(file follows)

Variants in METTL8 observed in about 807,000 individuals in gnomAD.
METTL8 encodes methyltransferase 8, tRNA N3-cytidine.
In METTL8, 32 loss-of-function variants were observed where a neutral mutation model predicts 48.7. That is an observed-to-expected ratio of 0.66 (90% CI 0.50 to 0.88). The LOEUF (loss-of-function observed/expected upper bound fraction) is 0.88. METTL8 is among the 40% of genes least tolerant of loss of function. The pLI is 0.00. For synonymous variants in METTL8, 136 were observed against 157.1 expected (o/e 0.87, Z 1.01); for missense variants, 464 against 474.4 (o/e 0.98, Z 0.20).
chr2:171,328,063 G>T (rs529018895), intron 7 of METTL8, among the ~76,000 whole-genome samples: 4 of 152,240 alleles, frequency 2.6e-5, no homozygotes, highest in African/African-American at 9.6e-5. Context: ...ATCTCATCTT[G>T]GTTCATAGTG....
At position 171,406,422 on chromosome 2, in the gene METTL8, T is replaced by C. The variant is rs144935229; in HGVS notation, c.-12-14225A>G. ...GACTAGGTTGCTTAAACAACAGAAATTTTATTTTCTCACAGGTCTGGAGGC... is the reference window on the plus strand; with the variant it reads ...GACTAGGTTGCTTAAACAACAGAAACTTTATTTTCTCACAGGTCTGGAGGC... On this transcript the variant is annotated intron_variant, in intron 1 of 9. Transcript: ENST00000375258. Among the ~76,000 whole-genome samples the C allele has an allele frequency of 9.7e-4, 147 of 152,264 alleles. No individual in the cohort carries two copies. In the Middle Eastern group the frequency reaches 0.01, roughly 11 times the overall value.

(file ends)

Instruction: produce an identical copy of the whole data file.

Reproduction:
Variants in METTL8 observed in about 807,000 individuals in gnomAD.
METTL8 encodes methyltransferase 8, tRNA N3-cytidine.
In METTL8, 32 loss-of-function variants were observed where a neutral mutation model predicts 48.7. That is an observed-to-expected ratio of 0.66 (90% CI 0.50 to 0.88). The LOEUF (loss-of-function observed/expected upper bound fraction) is 0.88. METTL8 is among the 40% of genes least tolerant of loss of function. The pLI is 0.00. For synonymous variants in METTL8, 136 were observed against 157.1 expected (o/e 0.87, Z 1.01); for missense variants, 464 against 474.4 (o/e 0.98, Z 0.20).
chr2:171,328,063 G>T (rs529018895), intron 7 of METTL8, among the ~76,000 whole-genome samples: 4 of 152,240 alleles, frequency 2.6e-5, no homozygotes, highest in African/African-American at 9.6e-5. Context: ...ATCTCATCTT[G>T]GTTCATAGTG....
At position 171,406,422 on chromosome 2, in the gene METTL8, T is replaced by C. The variant is rs144935229; in HGVS notation, c.-12-14225A>G. ...GACTAGGTTGCTTAAACAACAGAAATTTTATTTTCTCACAGGTCTGGAGGC... is the reference window on the plus strand; with the variant it reads ...GACTAGGTTGCTTAAACAACAGAAACTTTATTTTCTCACAGGTCTGGAGGC... On this transcript the variant is annotated intron_variant, in intron 1 of 9. Transcript: ENST00000375258. Among the ~76,000 whole-genome samples the C allele has an allele frequency of 9.7e-4, 147 of 152,264 alleles. No individual in the cohort carries two copies. In the Middle Eastern group the frequency reaches 0.01, roughly 11 times the overall value.